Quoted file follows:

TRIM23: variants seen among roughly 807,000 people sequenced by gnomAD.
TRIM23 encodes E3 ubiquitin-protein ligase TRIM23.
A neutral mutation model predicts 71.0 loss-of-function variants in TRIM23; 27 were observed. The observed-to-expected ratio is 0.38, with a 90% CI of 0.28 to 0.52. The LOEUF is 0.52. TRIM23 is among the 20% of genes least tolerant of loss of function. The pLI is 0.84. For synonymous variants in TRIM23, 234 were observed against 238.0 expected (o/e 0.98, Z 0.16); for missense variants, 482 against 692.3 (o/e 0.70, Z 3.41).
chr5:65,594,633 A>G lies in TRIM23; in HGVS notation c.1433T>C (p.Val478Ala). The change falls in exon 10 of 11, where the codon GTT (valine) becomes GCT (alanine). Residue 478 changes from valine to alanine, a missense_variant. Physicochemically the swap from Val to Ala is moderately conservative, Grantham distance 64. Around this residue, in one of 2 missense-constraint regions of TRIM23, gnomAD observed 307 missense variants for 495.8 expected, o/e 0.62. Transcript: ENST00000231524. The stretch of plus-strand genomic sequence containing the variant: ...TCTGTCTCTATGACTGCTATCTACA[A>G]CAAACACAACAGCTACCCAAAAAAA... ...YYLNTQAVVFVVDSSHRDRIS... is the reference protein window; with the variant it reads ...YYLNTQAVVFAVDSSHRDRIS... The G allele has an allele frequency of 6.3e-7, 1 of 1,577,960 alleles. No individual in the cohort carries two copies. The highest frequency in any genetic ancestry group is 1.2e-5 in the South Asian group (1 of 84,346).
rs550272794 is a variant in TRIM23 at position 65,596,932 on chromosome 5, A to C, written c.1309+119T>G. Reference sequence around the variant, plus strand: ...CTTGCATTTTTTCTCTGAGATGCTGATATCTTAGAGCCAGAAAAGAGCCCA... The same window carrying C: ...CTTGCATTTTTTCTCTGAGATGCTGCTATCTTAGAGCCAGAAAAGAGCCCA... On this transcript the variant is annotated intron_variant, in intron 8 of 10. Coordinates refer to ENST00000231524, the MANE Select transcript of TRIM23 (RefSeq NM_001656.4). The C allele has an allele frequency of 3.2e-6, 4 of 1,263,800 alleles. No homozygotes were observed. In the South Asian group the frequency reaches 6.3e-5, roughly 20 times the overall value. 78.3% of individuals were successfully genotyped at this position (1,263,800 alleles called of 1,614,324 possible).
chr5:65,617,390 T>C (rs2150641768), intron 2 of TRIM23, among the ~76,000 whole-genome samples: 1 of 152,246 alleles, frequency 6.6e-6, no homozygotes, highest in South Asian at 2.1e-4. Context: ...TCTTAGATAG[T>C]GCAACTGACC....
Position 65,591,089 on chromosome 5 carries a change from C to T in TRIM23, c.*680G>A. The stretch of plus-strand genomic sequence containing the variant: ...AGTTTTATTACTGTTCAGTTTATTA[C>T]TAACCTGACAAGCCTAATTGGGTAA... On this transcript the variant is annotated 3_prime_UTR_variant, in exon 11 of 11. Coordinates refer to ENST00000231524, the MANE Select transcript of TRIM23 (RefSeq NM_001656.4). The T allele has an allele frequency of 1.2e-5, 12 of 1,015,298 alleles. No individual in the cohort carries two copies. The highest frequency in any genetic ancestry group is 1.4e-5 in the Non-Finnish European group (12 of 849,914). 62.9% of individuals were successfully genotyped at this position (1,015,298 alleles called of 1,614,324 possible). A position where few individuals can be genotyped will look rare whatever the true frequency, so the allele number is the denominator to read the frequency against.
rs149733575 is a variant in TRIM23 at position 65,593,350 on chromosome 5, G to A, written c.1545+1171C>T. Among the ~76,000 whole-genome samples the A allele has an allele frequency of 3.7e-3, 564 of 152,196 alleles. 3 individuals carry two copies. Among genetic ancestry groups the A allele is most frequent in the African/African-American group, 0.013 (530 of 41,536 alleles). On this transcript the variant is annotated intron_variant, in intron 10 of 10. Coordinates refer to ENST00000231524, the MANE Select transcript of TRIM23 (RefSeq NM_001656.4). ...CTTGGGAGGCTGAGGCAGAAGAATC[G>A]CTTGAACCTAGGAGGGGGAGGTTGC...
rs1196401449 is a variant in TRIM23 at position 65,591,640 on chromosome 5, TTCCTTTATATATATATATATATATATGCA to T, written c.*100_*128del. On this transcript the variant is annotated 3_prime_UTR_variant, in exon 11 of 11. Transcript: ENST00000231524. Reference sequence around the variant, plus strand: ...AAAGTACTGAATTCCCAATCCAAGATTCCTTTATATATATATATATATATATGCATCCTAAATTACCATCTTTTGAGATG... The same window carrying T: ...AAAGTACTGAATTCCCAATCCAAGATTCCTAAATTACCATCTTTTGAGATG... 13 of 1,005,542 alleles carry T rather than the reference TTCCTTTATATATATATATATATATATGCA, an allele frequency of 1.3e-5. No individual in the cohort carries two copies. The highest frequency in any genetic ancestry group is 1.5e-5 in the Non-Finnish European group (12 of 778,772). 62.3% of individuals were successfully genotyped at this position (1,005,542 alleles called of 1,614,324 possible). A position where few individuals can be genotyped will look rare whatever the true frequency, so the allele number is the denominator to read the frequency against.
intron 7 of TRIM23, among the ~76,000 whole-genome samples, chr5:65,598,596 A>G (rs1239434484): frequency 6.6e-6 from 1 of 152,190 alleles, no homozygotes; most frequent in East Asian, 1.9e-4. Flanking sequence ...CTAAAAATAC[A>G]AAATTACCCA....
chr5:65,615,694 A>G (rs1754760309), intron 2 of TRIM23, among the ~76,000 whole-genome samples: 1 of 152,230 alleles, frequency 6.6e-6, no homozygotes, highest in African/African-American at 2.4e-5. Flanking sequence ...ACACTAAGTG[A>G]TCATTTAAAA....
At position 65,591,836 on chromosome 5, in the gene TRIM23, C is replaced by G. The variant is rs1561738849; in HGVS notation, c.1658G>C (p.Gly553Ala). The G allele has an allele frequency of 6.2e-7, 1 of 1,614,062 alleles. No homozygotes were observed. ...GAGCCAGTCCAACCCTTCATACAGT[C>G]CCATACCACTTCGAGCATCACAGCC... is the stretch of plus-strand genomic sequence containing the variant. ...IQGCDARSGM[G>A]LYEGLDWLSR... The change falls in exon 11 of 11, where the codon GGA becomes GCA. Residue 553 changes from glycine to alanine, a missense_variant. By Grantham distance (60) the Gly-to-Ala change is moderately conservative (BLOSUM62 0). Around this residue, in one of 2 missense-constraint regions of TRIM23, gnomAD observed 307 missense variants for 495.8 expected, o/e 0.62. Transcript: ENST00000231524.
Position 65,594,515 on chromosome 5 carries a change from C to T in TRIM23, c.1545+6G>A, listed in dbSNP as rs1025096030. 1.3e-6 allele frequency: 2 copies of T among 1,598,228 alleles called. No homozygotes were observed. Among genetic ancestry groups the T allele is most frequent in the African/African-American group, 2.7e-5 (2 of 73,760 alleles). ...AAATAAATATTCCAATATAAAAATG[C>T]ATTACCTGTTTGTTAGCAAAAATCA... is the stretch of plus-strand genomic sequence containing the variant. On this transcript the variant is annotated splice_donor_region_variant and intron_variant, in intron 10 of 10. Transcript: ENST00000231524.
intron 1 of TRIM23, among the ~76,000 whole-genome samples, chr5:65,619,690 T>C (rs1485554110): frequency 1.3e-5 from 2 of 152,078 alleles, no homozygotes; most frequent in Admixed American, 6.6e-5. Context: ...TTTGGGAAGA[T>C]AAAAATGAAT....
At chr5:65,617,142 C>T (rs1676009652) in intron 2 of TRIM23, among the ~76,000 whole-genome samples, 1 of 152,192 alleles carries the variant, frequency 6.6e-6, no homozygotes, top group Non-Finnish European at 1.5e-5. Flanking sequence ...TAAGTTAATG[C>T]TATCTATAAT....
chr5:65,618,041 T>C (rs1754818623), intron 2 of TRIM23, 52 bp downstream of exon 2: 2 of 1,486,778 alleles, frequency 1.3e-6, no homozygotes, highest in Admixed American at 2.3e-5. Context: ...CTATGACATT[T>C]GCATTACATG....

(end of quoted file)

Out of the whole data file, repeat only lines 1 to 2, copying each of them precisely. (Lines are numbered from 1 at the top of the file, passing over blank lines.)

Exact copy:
TRIM23: variants seen among roughly 807,000 people sequenced by gnomAD.
TRIM23 encodes E3 ubiquitin-protein ligase TRIM23.